Anyway, today I have a guest post from one of my favorite bloggers out there….I am sure you have heard of her, if not, you need to check her out NOW! I am honored to have Amanda Loudin, aka Miss Zippy. We have become great friends over the last year, and she is someone I really look up to for running advice. She is also a writer for Runners Connect, which I love!
I was scared to put this post up before any races for people, but there is some really good advice in here, and even though London was a good one for me, back in the day, I have definitely had more bad races than good over these last few years, so listen to Amanda 🙂 Over to you, friend!
Hi everyone—I’m thrilled to be over here pinch hitting for Tina today because she is one of my all-time favorite bloggers. An elite who is as down-to-earth as they come and who doesn’t mind pulling back the curtains and sharing the good with the bad with us. What’s not to love?
I want to talk to you all about having a BAD race…and getting over it. I’ve been racing for about 17 years now and as you can imagine, in that amount of time I’ve had more than my share of bad races. They used to really pull me down, but I’ve learned to get over a bad day and move on and I’m hoping that some of my tips help you should you ever find yourself in that situation.
And the truth is that if you race long enough, sooner or later, you probably will have an off day. This could be due to poor pacing, fueling mistakes, running on tired legs, or just an “off” day. While disappointing, especially if you’ve put in months of dedicated training, I’m here to tell you that you can—and should—move on.
But before you move on, I DO think you should spend a couple of days wallowing, especially if this was a big goal race. After all, you poured countless hours into gunning for a certain goal time—you were invested in it. Disappointment is only natural and you should take some time to acknowledge it and feel a bit blue. Share your feelings with your loved ones, too, because they know how much the day meant to you and will want you to lean on them.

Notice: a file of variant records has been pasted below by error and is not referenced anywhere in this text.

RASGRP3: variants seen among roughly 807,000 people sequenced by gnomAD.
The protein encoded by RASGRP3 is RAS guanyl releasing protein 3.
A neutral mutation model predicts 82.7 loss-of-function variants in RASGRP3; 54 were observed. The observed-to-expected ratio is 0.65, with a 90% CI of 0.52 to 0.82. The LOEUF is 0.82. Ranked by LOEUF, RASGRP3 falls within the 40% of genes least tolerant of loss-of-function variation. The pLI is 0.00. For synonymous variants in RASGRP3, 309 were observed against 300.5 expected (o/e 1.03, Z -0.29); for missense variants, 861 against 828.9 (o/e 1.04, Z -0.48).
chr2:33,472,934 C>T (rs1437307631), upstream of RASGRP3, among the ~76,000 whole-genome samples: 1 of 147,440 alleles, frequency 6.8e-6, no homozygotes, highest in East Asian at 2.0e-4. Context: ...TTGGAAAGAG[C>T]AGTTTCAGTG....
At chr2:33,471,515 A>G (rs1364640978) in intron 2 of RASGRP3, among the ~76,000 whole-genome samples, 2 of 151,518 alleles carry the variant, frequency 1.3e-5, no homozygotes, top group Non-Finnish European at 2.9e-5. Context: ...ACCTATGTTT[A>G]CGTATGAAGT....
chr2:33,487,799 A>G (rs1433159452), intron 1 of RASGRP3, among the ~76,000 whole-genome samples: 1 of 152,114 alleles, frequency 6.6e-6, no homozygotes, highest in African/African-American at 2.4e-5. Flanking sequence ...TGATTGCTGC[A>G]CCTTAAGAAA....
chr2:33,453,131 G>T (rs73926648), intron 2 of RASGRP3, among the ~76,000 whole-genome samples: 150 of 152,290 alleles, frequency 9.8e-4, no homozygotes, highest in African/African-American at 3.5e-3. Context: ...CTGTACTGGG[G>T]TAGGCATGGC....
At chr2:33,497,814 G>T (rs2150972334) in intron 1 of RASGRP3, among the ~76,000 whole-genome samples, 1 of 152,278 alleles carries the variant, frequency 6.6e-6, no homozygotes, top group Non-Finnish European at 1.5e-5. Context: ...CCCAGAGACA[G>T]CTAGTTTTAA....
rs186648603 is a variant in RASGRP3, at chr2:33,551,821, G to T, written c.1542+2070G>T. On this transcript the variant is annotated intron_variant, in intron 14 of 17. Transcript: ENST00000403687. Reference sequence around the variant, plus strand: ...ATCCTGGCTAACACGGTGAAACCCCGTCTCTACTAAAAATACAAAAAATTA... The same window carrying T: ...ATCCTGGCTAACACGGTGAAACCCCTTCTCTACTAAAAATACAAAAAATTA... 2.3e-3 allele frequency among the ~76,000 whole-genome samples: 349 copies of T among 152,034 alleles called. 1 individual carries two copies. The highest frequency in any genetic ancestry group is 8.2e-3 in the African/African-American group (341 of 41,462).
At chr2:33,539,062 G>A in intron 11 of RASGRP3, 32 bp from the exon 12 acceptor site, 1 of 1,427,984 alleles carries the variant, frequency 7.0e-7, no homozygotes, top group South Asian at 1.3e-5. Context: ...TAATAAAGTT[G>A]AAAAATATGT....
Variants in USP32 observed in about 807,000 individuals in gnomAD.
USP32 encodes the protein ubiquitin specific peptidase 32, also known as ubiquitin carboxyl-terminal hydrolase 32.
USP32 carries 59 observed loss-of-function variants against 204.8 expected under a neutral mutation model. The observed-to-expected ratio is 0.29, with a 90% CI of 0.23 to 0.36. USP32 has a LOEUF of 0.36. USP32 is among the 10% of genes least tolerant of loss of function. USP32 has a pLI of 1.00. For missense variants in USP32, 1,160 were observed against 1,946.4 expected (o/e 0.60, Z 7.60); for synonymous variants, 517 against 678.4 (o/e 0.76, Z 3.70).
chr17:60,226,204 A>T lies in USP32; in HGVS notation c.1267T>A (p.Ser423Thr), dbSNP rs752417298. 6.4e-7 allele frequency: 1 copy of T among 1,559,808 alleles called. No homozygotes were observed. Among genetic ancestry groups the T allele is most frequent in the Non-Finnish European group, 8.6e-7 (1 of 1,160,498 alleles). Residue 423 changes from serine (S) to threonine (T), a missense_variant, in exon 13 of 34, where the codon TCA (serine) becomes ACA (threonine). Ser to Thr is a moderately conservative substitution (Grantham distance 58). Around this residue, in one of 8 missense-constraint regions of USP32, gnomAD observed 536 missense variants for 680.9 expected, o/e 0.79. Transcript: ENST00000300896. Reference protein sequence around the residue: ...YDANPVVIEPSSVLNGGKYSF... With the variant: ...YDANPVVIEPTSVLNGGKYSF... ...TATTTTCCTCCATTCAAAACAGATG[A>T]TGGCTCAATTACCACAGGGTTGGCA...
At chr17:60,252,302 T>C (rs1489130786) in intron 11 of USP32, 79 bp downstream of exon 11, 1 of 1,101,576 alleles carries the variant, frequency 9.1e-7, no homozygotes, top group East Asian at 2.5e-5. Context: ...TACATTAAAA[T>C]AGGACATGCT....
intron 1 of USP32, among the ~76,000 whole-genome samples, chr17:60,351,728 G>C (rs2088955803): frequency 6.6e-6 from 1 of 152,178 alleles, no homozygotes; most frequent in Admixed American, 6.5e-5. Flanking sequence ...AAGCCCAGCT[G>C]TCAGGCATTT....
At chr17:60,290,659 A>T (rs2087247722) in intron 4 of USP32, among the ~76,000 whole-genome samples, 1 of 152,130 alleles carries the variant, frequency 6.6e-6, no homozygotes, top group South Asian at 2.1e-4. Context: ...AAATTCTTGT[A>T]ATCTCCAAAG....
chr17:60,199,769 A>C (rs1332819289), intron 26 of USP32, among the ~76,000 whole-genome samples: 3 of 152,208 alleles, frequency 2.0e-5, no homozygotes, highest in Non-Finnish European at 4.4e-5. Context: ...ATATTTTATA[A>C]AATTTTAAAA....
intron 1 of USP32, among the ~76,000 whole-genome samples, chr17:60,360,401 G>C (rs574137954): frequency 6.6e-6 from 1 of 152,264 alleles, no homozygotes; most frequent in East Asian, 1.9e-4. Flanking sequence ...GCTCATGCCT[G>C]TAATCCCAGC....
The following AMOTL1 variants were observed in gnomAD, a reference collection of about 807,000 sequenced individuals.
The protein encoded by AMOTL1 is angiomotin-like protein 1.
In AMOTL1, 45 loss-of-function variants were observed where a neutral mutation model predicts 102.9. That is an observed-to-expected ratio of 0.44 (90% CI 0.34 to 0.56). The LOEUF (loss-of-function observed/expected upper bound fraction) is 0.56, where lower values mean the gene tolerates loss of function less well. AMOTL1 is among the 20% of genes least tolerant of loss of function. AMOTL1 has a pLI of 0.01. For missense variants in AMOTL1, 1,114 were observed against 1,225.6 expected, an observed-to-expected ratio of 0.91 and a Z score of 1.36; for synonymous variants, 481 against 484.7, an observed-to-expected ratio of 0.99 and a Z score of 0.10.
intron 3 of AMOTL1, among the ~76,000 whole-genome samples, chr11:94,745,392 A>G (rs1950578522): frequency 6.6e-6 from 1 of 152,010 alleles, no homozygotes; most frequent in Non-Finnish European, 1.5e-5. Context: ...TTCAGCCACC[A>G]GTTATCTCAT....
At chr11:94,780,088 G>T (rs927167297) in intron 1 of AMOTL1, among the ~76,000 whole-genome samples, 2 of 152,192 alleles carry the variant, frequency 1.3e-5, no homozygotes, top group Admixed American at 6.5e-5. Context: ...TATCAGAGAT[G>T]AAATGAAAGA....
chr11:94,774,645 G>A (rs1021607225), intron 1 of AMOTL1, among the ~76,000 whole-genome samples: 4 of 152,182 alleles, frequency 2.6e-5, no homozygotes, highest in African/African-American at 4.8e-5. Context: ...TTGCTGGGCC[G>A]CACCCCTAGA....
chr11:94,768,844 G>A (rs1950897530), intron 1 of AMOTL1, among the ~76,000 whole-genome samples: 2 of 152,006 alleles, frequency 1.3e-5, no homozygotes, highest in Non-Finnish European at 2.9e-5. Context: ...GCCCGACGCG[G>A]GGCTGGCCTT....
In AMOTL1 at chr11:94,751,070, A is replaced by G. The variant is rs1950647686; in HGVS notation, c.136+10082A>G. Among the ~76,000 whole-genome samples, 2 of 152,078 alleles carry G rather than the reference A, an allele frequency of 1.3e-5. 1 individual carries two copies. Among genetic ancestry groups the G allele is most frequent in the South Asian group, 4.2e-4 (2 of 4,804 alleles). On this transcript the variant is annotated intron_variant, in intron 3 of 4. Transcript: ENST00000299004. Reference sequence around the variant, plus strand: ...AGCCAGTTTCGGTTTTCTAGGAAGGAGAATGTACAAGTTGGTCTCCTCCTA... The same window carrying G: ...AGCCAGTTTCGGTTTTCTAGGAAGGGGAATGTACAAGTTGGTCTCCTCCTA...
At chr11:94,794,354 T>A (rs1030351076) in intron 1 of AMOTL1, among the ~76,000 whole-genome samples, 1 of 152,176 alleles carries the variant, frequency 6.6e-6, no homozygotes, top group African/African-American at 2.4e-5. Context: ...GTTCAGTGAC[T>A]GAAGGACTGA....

After your “mourning period,” however, it’s time to do some reflection on the race. What do you think went wrong? Was it something you could have controlled? Is it something you can change for the next time? Find the lessons in the day, learn them, and put them to work for future races.
I also recommend taking a week or two of very easy, non-goal paced running following the race, even longer if it was a marathon. Your legs will be no good to you if you turn right around and start trying to pound improvements into them with hard speedwork. Instead, leave the watch at home and just run for the love of it. This will help you hit the reset button before starting to train again.
Somewhere in this first week or two post-race is a good time to start focusing on a new goal race if you don’t already have one on the schedule. Disappointment can be a powerful fuel for improvement, so put that to good use when you return to training.
Side note on this: if it was a marathon that went wrong, I’m not a big believer in an immediate “redemption” race. This is a distance that takes a lot out of your body and the odds don’t really favor that running another shortly thereafter will turn out in your favor.
More importantly than anything, however, I want you to have perspective when it comes to a bad race. Few of us are elites like Tina, so we need to remember why we run and race in the first place. The answer, usually, is because it’s something we love and that brings us joy.
If you get too caught up in the disappointment of a bad race, or if you obsess over bettering your results next go around, I can guarantee you this: it will eventually suck the joy right out of the experience.
Instead, remember that healthy and happy running/racing is only one facet of our lives. Yes, it’s important to us, but so too are many other things, from family and friends to careers and other past-times. Keep a healthy perspective on a bad day because in the end, it was just that: a bad day. You have the ability to control what you do with it and how you move forward.
You will have more chances down the road to go after that goal. In the meantime, enjoy the steps that you take to get there.
How do you overcome a bad race? How did you move past your biggest setback race? Are you wanting to find a way out of the rut of having bad races? Check out my course Mile 20 Mental Training to Win Your Race.